The sun had set, everyone had completed their Maghrib prayer, and the smell of grilled chicken filled the room. Everyone was clearly hungry -- no one had eaten since sunrise -- but no one wanted to be first to hit the buffet.
It took encouragement by the evening's two organizers, Fatima Wagdy and Galym Imanbayev, both Stanford undergrads, to get the crowd of 40 to the table on Saturday, Aug. 28.
The Islamic Society of Stanford University hosts social and religious events, such as Friday prayers and Ramadan iftar meals (that break Ramadan fasting), "to create a home away from home," President Wagdy said. Egyptian and Costa Rican, she grew up in Cedar Rapids, Iowa.
Sophomore engineering student Navid Chowdhury, 20, promotes Islamic social and political events on campus as vice president of the Muslims Student Awareness Network.
"Your responsibility is to set a positive example of Islam," he said, indirectly addressing the Ground Zero mosque controversy and quieting the conversations before him. "I don't want people to know about Islam from what a handful of radicals have done -- I want them to know what the 1.5 billion peaceful and loving Muslims have done."
The reputation of Islam was damaged when terrorists flew the planes into the towers, Chowdhury noted. "You can't change people's perceptions of Muslims overnight -- it takes longer to repair a damaged reputation than it does to ruin a good one."
Born in Bangladesh, Chowdhury spent much of his childhood at an international school in Swaziland. Ignorance fuels Islamophobia, he said.
Many non-Muslims also take part in the Ramadan iftars, Chowdhury said. The Islamic Society encourages community outreach, and every year they invite the Stanford Police Department to their Ramadan iftar meals. People also bring non-Muslim friends.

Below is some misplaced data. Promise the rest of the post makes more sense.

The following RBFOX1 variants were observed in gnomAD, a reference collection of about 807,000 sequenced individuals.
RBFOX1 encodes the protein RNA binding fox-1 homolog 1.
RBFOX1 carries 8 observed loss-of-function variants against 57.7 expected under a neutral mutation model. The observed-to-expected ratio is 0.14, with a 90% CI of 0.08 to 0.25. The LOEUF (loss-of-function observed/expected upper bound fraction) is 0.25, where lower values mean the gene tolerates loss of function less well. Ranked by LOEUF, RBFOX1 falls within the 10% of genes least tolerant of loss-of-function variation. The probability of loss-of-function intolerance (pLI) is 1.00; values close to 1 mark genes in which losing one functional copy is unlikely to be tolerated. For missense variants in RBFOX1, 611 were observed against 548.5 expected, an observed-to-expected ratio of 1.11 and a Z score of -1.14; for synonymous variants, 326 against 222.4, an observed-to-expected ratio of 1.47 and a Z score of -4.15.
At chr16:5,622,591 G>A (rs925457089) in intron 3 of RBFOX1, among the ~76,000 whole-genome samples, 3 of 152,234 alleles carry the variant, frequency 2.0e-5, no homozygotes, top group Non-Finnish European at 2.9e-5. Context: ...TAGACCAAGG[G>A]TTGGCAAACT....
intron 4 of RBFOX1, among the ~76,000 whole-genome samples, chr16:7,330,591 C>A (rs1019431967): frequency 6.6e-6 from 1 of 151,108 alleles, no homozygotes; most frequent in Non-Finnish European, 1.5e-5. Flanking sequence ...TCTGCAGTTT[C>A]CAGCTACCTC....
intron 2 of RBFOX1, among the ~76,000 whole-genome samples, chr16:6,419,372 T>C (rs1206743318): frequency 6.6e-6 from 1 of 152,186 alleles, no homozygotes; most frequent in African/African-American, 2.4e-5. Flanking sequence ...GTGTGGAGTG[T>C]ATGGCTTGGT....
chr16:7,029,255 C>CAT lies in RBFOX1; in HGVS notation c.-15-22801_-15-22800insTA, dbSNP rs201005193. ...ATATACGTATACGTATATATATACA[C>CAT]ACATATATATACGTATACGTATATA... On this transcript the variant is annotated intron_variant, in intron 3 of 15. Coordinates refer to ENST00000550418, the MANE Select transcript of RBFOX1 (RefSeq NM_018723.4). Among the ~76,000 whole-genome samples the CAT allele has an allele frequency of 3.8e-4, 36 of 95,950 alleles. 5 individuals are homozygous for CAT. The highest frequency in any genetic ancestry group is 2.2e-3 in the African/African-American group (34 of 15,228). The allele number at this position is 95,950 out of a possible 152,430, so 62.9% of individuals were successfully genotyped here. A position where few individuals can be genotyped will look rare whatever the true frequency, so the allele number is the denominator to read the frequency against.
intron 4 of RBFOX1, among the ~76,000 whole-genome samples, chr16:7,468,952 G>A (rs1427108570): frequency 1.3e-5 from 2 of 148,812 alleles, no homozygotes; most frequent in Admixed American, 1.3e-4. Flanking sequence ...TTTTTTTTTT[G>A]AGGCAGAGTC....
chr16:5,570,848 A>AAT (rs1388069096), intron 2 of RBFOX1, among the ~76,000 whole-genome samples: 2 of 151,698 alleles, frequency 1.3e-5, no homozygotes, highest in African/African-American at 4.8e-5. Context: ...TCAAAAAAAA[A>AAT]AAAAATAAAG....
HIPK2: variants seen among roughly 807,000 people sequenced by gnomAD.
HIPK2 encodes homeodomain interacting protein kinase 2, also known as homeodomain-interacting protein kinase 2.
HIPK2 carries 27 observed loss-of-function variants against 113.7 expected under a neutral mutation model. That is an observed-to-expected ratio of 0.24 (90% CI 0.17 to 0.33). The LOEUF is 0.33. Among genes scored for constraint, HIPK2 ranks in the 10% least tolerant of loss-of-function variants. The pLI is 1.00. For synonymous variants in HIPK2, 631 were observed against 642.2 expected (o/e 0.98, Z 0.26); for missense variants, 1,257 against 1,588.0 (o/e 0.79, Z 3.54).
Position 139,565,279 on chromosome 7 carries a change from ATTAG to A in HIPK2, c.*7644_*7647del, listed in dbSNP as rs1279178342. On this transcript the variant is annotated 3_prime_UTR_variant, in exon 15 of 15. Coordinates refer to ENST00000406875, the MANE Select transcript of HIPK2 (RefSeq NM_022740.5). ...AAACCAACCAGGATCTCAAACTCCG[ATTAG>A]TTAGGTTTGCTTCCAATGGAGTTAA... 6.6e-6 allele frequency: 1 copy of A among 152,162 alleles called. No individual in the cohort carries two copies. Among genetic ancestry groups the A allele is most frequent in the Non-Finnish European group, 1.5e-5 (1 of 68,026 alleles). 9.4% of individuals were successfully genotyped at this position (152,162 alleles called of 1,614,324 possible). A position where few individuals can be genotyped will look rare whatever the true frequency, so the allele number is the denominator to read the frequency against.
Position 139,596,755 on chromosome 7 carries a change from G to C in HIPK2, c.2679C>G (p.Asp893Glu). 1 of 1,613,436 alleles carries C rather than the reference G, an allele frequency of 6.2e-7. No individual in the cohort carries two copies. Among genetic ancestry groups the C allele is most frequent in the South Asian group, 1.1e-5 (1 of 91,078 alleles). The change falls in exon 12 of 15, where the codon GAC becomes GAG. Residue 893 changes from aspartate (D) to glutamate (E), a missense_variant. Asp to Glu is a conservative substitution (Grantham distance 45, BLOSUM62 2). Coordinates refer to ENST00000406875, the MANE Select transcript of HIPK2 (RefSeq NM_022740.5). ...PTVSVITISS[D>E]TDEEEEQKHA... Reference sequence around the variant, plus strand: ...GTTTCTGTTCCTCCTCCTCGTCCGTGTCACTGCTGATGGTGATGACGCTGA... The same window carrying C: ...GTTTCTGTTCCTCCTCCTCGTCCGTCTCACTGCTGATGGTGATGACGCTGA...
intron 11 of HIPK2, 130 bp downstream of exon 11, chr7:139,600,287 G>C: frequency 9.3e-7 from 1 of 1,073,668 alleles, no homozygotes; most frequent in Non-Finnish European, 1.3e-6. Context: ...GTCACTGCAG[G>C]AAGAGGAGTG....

"The event is inclusive -- we're meant to share it with the community," Islamic Society Vice President Imanbayev said. Some nights a bible study group that shares the building joins the iftar.
This year Ramadan started Aug. 11 and will run until Sept. 9. During the month, Muslims typically fast from sunrise to sunset to experience what those less fortunate feel, Imanbayev said. Originally from Kazakhstan, he grew up in Portland, Oreg.
The Islamic Society of Stanford University includes members from over 24 countries and encompasses many branches of Islam -- Sunni, Shiite and others. "Every member has something to offer, whether it's news or stories from home, or a different perspective," electrical engineering undergrad Salahodeen Abdul-Kafi said. He grew up in Missouri, but his parents are from Iraq.
The Islamic community's annual events and frequent get-togethers helped him adjust to Stanford life, Imanbayev said. After students arrived on campus in September, the society hosted a Fajr (early morning prayer) on a hill overlooking the Golden Gate Bridge. They met up for an early IHOP breakfast, and then headed north, arriving at the Golden Gate to pray, just before sunrise.
Atif Khan, CEO and founder of deeda, a Web-based start-up that connects customers with local businesses offering discount services, moved to Palo Alto recently.
"Part of our faith is to take care of strangers," Khan said. "We embrace you like family, no matter where you're from."